|Popham Beach in Phippsburg, Maine on Christmas: do you see the question mark?|
Laura Rose Wagner, was trapped and injured in that earthquake while working on her PhD in Anthropology, but this debut young adult novel isn't her personal story. The protagonist is an impoverished 15-year-old Haitian girl. The only American character in the book is an insensitive photojournalist who objectifies people, although foreign aid, diluted by local corruption, helps the Haitians somewhat.
In the first chapter, before we know or care about the characters, the earthquake kills Magdalie's adopted mother/aunt. Mamman is crushed in the house in which she labored as an underpaid and overworked housemaid, hoping for a better life for her daughters. Mamman's biological daughter, Nadine, escapes to Florida to join her father, but Magdalie is stuck in the squalid relief camps in the care of her young "uncle," a reluctant provider. There is no money for school fees and barely enough for food. Cholera flows through the filthy outhouses. Thieves have free run of the broken city. Pretty girls often trade their bodies for necessities, but Madalie is not that desperate. Yet.
You can see the anthropologist's touch in the nuanced renderings of culture and relationships. Family in Haiti extends to include all relatives and even some friends and neighbors. Magdalie and Nadine are cousins raised as twin sisters, and following their aunt/mother's death, are cared for by a young man who is distantly related to them. Depression, anger and teenaged angst are treated as spiritual illness by a voodoo healer with positive results, due perhaps to introspection more than to magic. The well researched narrative teaches young readers about a foreign culture without being judgemental. There is a marvelous sense of place too, evoking all the senses. The book ends with an informative historical chapter about Haiti, which should be read first.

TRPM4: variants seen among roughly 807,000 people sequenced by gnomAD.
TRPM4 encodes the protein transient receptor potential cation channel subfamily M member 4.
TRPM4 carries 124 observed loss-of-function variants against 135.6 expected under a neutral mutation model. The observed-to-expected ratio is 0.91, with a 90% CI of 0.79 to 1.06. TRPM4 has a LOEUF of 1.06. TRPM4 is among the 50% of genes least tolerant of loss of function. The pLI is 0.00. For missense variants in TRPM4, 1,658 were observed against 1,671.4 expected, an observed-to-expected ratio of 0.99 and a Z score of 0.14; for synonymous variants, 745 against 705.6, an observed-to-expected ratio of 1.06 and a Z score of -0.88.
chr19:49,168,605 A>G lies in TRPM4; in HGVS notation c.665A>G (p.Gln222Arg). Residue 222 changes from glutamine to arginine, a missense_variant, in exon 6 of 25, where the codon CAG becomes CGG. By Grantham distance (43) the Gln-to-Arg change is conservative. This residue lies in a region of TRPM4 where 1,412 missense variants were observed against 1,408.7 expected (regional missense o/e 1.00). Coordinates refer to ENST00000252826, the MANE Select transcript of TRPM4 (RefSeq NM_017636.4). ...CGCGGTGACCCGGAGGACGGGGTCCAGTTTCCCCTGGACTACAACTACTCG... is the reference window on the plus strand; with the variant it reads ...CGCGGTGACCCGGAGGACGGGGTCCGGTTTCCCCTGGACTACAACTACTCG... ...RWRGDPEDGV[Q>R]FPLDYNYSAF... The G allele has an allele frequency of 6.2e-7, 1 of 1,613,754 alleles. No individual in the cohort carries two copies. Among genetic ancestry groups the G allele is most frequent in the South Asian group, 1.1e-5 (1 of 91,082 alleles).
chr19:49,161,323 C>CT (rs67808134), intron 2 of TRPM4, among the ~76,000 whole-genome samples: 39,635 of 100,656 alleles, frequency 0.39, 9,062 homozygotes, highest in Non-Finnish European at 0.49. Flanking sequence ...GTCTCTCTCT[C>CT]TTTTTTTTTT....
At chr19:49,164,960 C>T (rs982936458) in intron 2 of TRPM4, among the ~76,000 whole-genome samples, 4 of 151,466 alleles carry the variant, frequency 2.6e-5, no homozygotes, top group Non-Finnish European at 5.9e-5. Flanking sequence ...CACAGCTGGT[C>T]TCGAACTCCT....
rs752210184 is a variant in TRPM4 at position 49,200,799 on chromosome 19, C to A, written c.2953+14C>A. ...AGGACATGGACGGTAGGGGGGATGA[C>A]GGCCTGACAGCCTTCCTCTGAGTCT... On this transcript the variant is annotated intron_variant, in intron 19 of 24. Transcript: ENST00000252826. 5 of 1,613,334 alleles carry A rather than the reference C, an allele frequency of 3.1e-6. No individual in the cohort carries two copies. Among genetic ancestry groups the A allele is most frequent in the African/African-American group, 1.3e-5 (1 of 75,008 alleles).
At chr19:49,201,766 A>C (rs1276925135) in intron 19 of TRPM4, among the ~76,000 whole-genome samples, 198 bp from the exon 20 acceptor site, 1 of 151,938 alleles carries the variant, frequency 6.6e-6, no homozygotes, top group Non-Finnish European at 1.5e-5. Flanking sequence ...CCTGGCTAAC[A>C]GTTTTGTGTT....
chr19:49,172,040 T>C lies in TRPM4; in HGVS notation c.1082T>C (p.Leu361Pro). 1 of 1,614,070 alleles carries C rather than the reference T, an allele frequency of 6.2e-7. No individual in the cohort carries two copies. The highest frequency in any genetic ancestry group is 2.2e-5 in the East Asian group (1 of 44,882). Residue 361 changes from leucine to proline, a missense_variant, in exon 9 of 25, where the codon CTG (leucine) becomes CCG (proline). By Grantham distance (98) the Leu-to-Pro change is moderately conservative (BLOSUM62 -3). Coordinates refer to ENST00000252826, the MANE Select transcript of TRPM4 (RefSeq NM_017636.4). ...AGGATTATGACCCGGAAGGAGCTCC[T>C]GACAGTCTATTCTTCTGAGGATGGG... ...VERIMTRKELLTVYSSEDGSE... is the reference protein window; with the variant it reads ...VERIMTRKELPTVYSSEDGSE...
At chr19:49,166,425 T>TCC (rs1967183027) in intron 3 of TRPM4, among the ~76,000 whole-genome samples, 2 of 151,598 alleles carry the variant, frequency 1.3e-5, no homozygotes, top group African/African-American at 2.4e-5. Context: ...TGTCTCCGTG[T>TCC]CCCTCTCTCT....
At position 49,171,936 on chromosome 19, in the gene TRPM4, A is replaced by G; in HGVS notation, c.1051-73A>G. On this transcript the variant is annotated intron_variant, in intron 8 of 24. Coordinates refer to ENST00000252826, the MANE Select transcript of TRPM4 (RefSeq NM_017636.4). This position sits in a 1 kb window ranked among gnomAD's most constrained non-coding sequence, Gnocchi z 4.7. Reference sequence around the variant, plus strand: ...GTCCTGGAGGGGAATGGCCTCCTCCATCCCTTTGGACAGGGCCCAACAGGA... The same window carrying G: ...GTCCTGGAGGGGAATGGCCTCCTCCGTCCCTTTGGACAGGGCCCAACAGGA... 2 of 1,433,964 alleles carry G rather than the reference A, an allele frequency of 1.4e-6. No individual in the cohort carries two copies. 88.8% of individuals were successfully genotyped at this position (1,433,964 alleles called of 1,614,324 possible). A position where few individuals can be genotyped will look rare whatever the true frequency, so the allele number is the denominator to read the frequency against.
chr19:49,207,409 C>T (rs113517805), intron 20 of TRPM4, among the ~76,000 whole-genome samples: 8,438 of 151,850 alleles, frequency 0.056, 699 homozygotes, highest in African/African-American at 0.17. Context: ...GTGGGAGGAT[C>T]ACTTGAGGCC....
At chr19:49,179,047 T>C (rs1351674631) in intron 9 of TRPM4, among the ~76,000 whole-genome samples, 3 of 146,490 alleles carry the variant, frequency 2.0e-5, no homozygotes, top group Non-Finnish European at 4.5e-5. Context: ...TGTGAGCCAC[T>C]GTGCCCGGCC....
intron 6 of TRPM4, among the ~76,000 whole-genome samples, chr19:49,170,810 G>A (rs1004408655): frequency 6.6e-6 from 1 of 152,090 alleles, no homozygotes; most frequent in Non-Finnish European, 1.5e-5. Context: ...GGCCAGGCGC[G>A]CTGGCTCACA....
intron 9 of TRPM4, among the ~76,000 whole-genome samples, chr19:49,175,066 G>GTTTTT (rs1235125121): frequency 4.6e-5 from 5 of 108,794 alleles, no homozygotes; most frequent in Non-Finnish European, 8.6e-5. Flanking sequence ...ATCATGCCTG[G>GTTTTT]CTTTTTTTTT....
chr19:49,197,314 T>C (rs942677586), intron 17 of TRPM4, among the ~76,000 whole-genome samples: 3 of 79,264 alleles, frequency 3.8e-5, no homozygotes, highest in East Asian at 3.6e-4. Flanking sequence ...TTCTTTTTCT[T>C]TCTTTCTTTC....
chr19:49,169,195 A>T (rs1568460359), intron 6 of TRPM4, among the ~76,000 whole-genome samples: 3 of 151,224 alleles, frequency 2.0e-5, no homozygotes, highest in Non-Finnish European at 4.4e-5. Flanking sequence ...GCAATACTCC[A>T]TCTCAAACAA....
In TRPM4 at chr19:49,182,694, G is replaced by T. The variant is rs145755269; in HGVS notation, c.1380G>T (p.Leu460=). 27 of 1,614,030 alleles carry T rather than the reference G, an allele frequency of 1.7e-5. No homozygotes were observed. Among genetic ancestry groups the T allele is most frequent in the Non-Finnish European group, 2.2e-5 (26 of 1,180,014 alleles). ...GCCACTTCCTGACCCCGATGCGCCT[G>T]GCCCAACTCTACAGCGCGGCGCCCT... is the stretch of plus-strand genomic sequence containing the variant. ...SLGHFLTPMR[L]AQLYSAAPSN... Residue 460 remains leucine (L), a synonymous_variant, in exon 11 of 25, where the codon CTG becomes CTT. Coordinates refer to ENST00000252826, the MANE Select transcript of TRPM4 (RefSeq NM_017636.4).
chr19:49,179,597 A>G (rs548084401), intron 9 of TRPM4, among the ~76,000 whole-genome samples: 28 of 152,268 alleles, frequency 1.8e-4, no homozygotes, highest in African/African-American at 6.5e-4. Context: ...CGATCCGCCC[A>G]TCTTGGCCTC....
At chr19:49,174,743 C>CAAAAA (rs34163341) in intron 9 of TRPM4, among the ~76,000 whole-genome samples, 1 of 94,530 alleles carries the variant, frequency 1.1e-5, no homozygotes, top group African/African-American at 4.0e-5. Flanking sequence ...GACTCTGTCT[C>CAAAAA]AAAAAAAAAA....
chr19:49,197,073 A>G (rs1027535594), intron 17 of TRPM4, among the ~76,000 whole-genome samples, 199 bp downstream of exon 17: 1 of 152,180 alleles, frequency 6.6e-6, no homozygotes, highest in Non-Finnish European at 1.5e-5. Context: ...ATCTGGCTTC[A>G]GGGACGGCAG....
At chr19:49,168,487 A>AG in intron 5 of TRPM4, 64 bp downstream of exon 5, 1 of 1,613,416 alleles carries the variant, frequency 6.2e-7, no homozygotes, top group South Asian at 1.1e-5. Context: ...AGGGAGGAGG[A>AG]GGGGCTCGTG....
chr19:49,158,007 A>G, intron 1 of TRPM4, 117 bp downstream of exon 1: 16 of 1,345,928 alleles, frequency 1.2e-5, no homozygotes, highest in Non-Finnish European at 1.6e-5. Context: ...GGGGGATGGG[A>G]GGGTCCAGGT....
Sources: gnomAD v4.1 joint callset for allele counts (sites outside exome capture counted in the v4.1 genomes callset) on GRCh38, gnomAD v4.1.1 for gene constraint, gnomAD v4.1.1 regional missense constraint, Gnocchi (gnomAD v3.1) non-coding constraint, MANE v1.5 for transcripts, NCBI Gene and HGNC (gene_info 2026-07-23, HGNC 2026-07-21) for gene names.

Hold Tight, Don't Let Go would make an excellent classroom supplement, but the gritty realism might be a bit much for the casual reader. This book isn't a glossy dystopian tale of good versus evil, begging for a Hollywood adaptation. Rather, this real world story centers on an ordinary teenager struggling to survive horrific circumstances with little under her control. The hardships bring out the best and the worst in people, including Magdalie. She's a believable Haitian girl who pushes boundaries but can't break free. Friendships help bolster her spirit, but a late blooming romance is not more than a footnote. The strong feminist and charitable messages transcend national borders. I'm pleased to see a meaningful book like this published for teenagers.
Reviewer's Disclosure: I have a personal connection to Haiti. My brilliant high school math teacher, Yves Volel, was assassinated when he returned to Haiti to run for president, following the fall of the oppressive Duval regime in the 1980s. Since then I've followed Haiti in the newspaper, especially the horrible earthquake. Hold Tight, Don't Let Go was published on January 6th, 2015, five years after the quake. On my request, I received a free advance digital galley from Amulet Books via netgalley.com. I wish I could share this fine book with Mr. Volel. C'est bien fait.
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